City Park moves to non-profit model, hopes to tap into philanthropy for next master plan | Local policy
New Orleans City Park is moving to a new management model used in New York’s Central Park and others across the United States, a move that park officials say is aimed at leveraging philanthropic funding to infuse new life to aging structures, stagnant lagoons, and basic amenities like walking paths and restrooms.
The park’s governing body, the City Park Improvement Association, this week approved a deal that will transfer day-to-day management of the park to a recently created private non-profit organization, the City Park Conservancy.
Among the roughly 300 City Park employees who have transitioned to the nonprofit is chief executive Cara Lambright, who was hired last year and has championed the public-private arrangement.
Much of the 1,300-acre park was destroyed during Hurricane Katrina, which arrived just months after park officials put the finishing touches to a master plan. With $100 million in funding from public and private sources, park management managed to restore the park and add new features like the mini-golf course, large lawn, and tennis center.
The park now receives a share of a citywide property tax mile, but the park’s revenue, which is mostly self-generated, has dropped since the COVID-19 pandemic and deferred maintenance is starting to drop. accumulate. Lambright has estimated that up to $40 million is needed to maintain everything from Tad Gormley Stadium to nine architecturally significant bridges built during the Works Progress Administration.
In an interview, Lambright discussed two overarching goals in the coming months: improving existing features and making the park more inclusive. A new master planning process is expected to start early next year, and Lambright said an additional $100 million may be needed to meet the park’s needs.
Lambright said the master plan, which is expected to be completed sometime in 2024, will be tailored to what conservation can reasonably raise in philanthropic funding. Whatever the master plan, Lambright promised it would be shaped by public input.
“I’m here to say that he will have a public contribution standard that was not made in New Orleans, and I hope that will really change the way public contribution is made in the future,” Lambright said.
A new model
The conservation model for city parks is not new and has been debated among City Park board members for decades. Central Park in New York is the most famous example, and Chicago, St. Louis and Pittsburgh are among other cities that have adopted it.
In New Orleans, the new city park arrangement most closely resembles that governing Audubon Park, the Audubon Aquarium of the Americas, and other public parks owned by the Audubon Commission, a public agency. The commission contracts day-to-day operations to the Audubon Nature Institute, a private, non-profit organization.
Unlike the Audubon Commission, however, the state-created City Park Improvement Association can terminate the agreement with its nonprofit leader without cause with 90 days’ notice.
City Park generates revenue from a golf course, event rentals and sports facilities, but that revenue has been cut in half since the pandemic – from $14.2 million in 2019 to 6 .9 million last year, according to the audits. City and state coffers typically inject only a fraction of overall park funding, though the $2 million in annual revenue from past mileage two years ago helps.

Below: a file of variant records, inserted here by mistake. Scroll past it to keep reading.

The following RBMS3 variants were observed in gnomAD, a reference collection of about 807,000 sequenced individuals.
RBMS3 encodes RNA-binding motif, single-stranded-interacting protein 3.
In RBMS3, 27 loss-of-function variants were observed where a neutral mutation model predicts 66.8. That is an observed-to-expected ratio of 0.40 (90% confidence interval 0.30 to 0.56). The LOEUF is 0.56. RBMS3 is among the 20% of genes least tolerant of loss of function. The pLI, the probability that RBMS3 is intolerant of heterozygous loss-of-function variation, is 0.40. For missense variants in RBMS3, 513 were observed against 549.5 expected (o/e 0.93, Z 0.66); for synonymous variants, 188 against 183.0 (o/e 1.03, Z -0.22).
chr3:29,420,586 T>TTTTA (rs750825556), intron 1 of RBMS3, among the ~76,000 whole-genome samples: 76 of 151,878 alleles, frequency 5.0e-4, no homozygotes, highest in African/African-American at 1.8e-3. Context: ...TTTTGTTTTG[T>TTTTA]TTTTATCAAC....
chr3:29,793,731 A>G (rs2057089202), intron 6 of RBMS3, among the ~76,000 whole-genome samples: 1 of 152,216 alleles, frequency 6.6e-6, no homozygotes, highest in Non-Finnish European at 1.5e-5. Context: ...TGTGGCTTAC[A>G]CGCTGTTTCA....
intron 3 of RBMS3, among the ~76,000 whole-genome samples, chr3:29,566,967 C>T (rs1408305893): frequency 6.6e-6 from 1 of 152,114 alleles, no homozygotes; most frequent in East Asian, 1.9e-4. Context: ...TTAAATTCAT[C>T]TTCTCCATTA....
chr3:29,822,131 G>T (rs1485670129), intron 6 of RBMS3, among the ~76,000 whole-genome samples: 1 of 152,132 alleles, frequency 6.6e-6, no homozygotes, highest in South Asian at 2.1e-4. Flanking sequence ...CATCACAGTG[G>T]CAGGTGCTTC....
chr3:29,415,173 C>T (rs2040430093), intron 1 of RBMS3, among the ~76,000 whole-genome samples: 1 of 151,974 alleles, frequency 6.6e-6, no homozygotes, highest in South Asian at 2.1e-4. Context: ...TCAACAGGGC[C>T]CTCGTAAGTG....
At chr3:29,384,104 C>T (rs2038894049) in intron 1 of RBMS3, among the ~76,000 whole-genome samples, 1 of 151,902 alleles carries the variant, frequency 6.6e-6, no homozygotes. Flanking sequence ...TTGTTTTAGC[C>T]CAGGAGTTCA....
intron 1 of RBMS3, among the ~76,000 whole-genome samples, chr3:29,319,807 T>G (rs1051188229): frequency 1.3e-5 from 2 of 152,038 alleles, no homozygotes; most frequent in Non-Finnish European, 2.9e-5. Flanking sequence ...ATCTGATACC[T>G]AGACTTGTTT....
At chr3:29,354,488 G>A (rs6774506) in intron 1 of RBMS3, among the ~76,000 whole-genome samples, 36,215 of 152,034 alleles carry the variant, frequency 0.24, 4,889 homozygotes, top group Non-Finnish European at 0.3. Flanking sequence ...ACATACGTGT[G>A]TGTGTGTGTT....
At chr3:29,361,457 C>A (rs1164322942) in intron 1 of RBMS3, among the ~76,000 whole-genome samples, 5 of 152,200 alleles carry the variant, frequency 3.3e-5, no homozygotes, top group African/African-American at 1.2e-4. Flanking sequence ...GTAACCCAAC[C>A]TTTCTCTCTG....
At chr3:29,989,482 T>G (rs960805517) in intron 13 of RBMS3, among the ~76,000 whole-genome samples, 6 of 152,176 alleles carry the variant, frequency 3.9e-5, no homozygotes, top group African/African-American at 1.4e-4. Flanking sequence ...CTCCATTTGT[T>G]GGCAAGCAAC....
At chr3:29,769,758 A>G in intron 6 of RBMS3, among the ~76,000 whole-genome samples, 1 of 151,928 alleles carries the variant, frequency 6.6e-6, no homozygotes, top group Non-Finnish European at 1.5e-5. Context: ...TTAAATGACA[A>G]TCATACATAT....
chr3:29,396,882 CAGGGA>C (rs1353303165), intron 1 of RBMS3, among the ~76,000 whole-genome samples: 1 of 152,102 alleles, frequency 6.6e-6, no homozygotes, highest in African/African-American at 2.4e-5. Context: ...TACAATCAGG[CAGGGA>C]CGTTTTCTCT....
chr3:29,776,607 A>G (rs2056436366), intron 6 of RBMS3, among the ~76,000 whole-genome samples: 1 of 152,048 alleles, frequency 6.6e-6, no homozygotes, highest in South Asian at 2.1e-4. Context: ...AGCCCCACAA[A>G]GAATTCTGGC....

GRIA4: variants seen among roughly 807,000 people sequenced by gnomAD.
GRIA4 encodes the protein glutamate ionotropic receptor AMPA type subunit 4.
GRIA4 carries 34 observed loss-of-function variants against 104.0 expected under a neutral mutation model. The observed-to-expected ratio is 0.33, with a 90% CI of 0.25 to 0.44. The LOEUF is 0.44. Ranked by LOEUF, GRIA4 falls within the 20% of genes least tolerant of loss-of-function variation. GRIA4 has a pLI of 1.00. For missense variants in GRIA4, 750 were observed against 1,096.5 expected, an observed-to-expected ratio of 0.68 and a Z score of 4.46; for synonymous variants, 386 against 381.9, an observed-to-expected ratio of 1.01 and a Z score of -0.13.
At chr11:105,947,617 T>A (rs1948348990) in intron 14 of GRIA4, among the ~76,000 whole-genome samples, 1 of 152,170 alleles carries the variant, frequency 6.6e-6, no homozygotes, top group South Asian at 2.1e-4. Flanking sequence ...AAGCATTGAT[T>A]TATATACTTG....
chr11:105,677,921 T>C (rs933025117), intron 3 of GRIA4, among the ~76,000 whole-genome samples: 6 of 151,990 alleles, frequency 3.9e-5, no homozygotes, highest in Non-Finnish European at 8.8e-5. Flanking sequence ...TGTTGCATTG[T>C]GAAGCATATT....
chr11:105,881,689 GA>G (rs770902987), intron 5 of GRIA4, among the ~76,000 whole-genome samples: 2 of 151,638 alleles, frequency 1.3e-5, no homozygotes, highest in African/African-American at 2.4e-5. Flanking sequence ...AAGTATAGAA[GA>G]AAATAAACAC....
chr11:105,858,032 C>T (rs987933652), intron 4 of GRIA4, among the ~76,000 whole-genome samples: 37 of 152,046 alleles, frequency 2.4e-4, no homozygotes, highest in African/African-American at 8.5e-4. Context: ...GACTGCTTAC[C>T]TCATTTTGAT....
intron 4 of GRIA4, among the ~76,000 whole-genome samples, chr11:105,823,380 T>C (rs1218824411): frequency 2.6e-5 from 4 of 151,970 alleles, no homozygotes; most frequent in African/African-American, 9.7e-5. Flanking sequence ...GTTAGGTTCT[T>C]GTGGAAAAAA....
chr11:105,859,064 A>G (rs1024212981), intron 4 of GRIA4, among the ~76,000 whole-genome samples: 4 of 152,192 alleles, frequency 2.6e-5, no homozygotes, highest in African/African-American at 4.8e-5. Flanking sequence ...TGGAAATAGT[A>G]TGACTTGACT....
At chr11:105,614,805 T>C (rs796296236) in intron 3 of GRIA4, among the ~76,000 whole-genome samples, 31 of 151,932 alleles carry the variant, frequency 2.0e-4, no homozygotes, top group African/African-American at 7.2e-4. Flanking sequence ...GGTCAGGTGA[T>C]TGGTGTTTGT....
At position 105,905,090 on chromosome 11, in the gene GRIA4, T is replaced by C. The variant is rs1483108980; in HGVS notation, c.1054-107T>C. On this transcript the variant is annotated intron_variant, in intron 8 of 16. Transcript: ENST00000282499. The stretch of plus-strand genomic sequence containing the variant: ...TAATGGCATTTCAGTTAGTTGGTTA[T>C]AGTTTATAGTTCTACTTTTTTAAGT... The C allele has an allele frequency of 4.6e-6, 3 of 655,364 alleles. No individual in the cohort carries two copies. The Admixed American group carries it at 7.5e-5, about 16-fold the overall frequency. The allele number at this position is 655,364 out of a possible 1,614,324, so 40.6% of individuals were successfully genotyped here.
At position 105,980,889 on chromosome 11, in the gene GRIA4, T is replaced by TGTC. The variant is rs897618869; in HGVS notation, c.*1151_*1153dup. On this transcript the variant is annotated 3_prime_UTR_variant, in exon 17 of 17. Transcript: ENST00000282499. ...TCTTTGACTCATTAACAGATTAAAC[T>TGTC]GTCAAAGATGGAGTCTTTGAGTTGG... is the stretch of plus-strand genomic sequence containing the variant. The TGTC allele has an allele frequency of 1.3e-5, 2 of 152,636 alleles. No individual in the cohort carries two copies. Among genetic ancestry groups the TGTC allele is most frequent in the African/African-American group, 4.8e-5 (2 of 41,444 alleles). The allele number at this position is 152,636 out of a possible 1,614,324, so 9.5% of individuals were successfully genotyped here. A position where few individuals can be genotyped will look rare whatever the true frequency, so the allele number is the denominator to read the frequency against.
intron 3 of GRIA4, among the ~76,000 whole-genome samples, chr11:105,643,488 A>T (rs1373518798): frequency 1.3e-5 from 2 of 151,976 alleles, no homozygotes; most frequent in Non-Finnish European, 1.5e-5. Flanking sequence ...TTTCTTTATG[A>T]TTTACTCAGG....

Either way, the park needs more money to pay for things like better drainage, Lambright said.
“The daily walker is really sick of the same mud puddle he has to walk through every day, or the bathroom that we just can’t clean three times a day,” Lambright said.
In addition to philanthropic funding, Lambright said it will also look at ways to increase self-generated revenue, although it does not anticipate new user fees that impede basic access. In fact, Lambright said it wants to find ways to reduce existing fees for tennis courts, rental ball diamonds and other areas.
“I dig into the pricing of our sports fields, which seems to be all over the place and seems to be a barrier for, in particular, some organized immigrant groups like the Hispanic football leagues, who have this incredible lineage in this park” , Lambright said.
Lambright also pointed to the $20 hourly fee for the tennis courts, which she says is more expensive than the $15 fee at New York’s Central Park.
“At $20 an hour, we’ve topped the price of the average New Orleans man,” Lambright said, adding that tennis is a “orientation sport” that can “change outcomes for our local youth, but not if they can’t afford it.”
At the same time, there could be new fees in other areas, either for new recreational offerings or related to specific facilities like Ted Gormley Stadium, which hosts Tulane University teams and high school sporting events. Canoe hire could be a possibility, for example, if silted lagoons are dredged with new connections between waterways.
The stadium likely has about $20 million in deferred maintenance needs, Lambright said, and parking fees could be one way to pay for its upkeep. Another might seek help from public schools or city hall.
“We provide clear service to the New Orleans public school community,” Lambright said. “We are operating at a loss and we cannot be a sieve forever.”